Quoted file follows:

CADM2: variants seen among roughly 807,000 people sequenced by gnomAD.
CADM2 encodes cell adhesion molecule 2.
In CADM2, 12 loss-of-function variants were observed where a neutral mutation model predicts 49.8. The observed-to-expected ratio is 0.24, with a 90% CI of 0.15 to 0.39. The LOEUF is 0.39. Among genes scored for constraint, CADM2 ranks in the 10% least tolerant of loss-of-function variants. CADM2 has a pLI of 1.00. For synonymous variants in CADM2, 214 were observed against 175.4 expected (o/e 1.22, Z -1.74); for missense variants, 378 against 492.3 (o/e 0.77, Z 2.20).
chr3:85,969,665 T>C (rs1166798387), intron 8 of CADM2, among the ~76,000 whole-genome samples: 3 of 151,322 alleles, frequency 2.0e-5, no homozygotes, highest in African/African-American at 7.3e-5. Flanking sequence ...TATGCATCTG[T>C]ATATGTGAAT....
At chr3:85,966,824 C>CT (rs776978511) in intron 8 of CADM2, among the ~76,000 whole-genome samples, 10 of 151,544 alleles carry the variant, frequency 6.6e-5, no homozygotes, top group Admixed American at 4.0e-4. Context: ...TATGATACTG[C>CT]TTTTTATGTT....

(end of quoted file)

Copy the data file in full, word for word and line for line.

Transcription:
CADM2: variants seen among roughly 807,000 people sequenced by gnomAD.
CADM2 encodes cell adhesion molecule 2.
In CADM2, 12 loss-of-function variants were observed where a neutral mutation model predicts 49.8. The observed-to-expected ratio is 0.24, with a 90% CI of 0.15 to 0.39. The LOEUF is 0.39. Among genes scored for constraint, CADM2 ranks in the 10% least tolerant of loss-of-function variants. CADM2 has a pLI of 1.00. For synonymous variants in CADM2, 214 were observed against 175.4 expected (o/e 1.22, Z -1.74); for missense variants, 378 against 492.3 (o/e 0.77, Z 2.20).
chr3:85,969,665 T>C (rs1166798387), intron 8 of CADM2, among the ~76,000 whole-genome samples: 3 of 151,322 alleles, frequency 2.0e-5, no homozygotes, highest in African/African-American at 7.3e-5. Flanking sequence ...TATGCATCTG[T>C]ATATGTGAAT....
At chr3:85,966,824 C>CT (rs776978511) in intron 8 of CADM2, among the ~76,000 whole-genome samples, 10 of 151,544 alleles carry the variant, frequency 6.6e-5, no homozygotes, top group Admixed American at 4.0e-4. Context: ...TATGATACTG[C>CT]TTTTTATGTT....